The beginners guide to environmental toxins and the effects on health

In modern society, we are exposed to more artificially created compounds than ever before. Unfortunately, these substances can have an incredibly detrimental impact on your health. Let’s look at what you need to know about environmental toxins in your life.

*What is a toxin?

Unfortunately, ‘toxin’ is a misused term, often thrown around by unqualified health gurus who don’t understand how the body works. Toxins are not the imaginary baddie. A toxin is any substance that has a toxic effect on the body.

The sources of toxins

Toxins are not just in the environment. Within the human body, substances are produced that can have a toxic effect. But the human body has always done that – it is the environmental exposures that have changed over recent times.

Some environmental sources of toxins include:

  • Pollution
  • Skin care
  • Body care
  • Makeup and nail polish
  • Perfumes, deodorants and colognes
  • Air fresheners and room sprays
  • Plastic containers, wrappers and water bottles
  • Candles and incense sticks
  • Some additives and sweeteners
  • Pesticides and herbicides

Natural substances can have a toxic effect as well. Foods that cause an allergic or intolerance reaction can have toxic effects on an individual.  

Photo by Joe Robles on Unsplash

Sources of toxins...

Include skin care and other personal care items like shampoo, conditioner, sanitary care and perfumes.

Effects on the body

Because there are so many different types out there, toxins can have a variety of effects on the human body. But here are just a few to consider.

One major impact is on gut health. Many toxins can alter the gut microbiome, throwing out the balance of good bacteria. They can also increase the gut permeability, which can allow more pathogens and toxins to enter the bloodstream unchecked.

Toxins can also alter the balance of hormones, including stress hormones, sex hormones and thyroid hormones. There are both direct and indirect effects on the nervous system, affecting how you handle stress, your ability to concentrate and memory.

A toxin can potentially impact on every system of your body. So, if you have any health concerns, there is the possibility that toxins can worsen these issues.

Reducing the effects of toxins

There are two main ways of reducing the effects of toxins on your health. You can reduce your exposure to these substances and you can support your body’s ability to deal with them.

Reducing exposure depends on what you are currently exposed to. You can either stop using products, use them less frequently, or switch them for a less toxic and more natural alternative.

But at the end of the day, we are all exposed to toxins no matter what; there are some that cannot be avoided! That’s why you want to support how your body deals with toxins. For that, you want to look in one place: your liver.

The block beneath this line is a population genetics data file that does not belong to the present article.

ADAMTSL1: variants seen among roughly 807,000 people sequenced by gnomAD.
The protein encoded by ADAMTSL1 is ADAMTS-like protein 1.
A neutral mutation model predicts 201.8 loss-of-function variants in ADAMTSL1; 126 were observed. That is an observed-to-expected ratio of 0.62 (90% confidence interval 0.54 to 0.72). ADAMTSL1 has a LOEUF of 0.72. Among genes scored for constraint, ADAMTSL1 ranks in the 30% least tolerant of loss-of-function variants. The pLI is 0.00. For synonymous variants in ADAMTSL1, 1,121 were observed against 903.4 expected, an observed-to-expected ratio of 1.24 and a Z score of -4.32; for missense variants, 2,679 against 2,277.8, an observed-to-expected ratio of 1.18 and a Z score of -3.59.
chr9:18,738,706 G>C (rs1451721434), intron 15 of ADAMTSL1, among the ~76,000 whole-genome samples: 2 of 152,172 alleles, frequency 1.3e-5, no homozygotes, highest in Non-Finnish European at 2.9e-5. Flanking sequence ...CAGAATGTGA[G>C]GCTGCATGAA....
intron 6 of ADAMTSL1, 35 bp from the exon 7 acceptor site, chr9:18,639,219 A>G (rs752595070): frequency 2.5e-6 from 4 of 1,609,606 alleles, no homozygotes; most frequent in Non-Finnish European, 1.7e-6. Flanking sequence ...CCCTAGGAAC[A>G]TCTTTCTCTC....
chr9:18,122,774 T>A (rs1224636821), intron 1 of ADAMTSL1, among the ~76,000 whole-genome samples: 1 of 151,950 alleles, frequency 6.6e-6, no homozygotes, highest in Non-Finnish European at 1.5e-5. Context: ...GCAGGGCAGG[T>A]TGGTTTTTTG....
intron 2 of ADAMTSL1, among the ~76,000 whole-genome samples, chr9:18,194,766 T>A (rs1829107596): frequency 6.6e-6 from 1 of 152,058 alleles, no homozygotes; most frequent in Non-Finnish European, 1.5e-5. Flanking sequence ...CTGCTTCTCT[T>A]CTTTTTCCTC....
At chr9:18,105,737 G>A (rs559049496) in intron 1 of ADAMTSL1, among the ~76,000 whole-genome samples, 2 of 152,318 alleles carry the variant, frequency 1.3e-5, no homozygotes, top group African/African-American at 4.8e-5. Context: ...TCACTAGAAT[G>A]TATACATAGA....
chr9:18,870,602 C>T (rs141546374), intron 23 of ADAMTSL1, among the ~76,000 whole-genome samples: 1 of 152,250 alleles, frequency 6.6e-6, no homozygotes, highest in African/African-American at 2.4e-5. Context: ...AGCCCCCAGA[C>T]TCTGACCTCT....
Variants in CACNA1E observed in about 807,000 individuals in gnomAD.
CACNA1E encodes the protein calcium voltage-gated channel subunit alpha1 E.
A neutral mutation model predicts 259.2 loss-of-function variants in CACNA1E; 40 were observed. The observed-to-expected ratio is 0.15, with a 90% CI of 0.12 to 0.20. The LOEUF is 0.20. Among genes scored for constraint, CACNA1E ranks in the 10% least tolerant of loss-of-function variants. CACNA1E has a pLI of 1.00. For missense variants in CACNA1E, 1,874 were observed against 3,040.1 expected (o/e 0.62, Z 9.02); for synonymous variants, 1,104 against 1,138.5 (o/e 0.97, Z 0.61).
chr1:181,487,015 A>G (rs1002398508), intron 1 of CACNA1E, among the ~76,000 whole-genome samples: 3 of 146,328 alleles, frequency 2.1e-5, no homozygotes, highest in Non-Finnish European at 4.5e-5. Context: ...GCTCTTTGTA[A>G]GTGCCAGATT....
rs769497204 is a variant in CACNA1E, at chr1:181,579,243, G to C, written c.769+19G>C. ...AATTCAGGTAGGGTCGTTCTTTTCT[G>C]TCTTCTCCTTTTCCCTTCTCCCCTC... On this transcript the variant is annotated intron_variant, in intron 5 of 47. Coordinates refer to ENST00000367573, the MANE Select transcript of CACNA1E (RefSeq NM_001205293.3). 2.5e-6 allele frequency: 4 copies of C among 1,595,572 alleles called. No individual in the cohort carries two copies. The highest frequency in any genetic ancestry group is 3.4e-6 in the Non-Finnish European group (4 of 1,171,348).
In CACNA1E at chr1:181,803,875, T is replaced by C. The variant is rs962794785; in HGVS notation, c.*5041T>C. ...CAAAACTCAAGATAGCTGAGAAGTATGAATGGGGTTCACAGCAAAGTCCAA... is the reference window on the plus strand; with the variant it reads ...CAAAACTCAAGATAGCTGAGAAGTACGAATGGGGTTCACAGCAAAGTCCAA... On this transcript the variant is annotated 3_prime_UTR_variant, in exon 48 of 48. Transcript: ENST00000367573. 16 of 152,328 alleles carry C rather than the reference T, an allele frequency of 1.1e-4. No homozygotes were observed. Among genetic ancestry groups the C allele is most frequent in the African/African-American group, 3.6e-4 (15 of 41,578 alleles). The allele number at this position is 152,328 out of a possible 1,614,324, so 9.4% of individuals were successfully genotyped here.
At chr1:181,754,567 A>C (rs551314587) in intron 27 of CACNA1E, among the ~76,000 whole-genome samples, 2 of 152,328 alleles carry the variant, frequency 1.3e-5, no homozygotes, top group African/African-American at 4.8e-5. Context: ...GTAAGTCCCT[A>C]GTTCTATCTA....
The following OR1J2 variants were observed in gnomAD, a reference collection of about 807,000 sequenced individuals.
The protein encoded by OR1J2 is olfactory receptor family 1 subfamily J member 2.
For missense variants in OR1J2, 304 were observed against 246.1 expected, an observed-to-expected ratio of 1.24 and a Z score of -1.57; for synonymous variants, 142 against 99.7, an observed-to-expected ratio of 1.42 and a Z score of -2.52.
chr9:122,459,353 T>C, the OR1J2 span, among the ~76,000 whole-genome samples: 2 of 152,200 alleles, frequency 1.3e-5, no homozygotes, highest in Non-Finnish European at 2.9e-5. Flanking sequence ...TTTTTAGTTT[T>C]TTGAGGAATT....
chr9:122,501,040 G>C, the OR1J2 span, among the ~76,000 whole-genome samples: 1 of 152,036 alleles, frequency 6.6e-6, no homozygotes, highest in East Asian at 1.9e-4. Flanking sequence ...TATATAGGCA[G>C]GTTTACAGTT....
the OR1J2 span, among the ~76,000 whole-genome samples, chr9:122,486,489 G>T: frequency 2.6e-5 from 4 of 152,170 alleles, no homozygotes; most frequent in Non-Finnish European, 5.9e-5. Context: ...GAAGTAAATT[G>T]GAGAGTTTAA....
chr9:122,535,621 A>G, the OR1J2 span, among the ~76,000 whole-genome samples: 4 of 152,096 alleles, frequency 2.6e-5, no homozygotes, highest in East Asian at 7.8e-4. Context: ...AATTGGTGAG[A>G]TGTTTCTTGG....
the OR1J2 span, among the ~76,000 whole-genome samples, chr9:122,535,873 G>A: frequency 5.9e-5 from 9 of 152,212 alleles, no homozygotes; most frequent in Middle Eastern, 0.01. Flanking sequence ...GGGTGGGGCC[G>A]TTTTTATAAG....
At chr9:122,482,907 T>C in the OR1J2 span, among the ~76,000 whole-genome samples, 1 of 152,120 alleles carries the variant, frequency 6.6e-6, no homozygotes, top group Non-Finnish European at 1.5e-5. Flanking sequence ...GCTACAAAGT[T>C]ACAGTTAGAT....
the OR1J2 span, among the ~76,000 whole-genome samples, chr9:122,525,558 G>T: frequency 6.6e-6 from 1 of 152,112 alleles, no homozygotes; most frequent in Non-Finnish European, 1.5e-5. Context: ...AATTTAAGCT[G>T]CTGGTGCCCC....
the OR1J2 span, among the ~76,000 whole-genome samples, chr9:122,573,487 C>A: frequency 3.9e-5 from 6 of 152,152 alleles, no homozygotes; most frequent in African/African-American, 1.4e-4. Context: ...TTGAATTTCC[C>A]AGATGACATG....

Tips to support optimal liver function

The liver detoxifies any substance that can have negative effects on the body – even natural ones such as hormones. So it’s the key to protecting your body from the environmental toxins you are exposed to.

Eat your greens

Green vegetables have almost all of the micronutrients that the liver needs to optimise detoxification pathways. Cruciferous vegetables such as broccoli have additional benefits in supporting detoxification pathways. Aim to get at least 2 serves of green vegetables daily.

Include protein

What many people don’t realise is that many detoxification pathways rely on amino acids, the building blocks of proteins. This is one major criticism of typical ‘detox’ programs. If you don’t get the amino acids you need for these pathways, you cannot detoxify optimally. So make sure you’re getting a few serves of quality protein each day.

If you follow a plant-based diet, include a variety of high-protein options to ensure you’re getting all of your amino acids.

Aim for a rainbow

Antioxidants are powerful nutrients that protect the body from the damage of toxins, as well as assisting with detoxification. We need a variety of antioxidants for a healthy, happy body, and the best way to get that is to consume a variety of brightly coloured plant foods.

Start by including 3 different colours with each meal. And no, Skittles don’t count as the rainbow here! For example, make a side salad with spinach, carrot and beetroot.

How a qualified nutritional medicine practitioner can assist

If you suspect that you could be suffering from the effects of environmental toxins and need help to support the healing process there are a number of functional tests that are available including food intolerance testsheavy metal testing, urine tests and mycotoxin tests . These tests along with a full personal health history can aid us to pinpoint the underlying cause of dis-ease and illness.  Once the cause has been identified a personalised treatment protocol can be developed that includes dietary recommendations, lifestyle adjustments and nutritional supplementation.

For further information on testing or my approach to supporting acute and chronic dis-ease and illness, you can book a complimentary discovery session or send me a message via the Contact Me page.

Consultations are available at my clinic in Newstead, Brisbane and via my online video consultations.

*In biological terms, a toxin is specific to substances that are produced naturally, with ‘toxicant’ being the umbrella term for any toxic substance. But for ease of understanding, I choose to use ‘toxin’.

Mary-Leigh Scheerhoorn